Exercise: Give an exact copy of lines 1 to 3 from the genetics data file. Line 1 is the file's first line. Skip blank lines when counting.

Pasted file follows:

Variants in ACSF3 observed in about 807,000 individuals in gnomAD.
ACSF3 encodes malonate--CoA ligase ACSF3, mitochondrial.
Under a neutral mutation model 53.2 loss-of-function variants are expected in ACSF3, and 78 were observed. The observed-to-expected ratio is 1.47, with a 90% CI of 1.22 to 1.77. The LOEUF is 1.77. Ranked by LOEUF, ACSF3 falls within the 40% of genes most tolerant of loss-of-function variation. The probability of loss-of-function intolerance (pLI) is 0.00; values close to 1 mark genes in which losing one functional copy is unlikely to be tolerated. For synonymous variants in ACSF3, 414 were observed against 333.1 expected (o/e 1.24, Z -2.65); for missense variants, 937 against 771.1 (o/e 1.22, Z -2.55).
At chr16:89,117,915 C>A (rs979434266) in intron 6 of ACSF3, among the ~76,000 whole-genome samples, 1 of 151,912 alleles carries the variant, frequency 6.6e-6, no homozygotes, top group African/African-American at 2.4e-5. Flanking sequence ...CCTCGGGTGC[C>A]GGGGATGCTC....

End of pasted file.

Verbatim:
Variants in ACSF3 observed in about 807,000 individuals in gnomAD.
ACSF3 encodes malonate--CoA ligase ACSF3, mitochondrial.
Under a neutral mutation model 53.2 loss-of-function variants are expected in ACSF3, and 78 were observed. The observed-to-expected ratio is 1.47, with a 90% CI of 1.22 to 1.77. The LOEUF is 1.77. Ranked by LOEUF, ACSF3 falls within the 40% of genes most tolerant of loss-of-function variation. The probability of loss-of-function intolerance (pLI) is 0.00; values close to 1 mark genes in which losing one functional copy is unlikely to be tolerated. For synonymous variants in ACSF3, 414 were observed against 333.1 expected (o/e 1.24, Z -2.65); for missense variants, 937 against 771.1 (o/e 1.22, Z -2.55).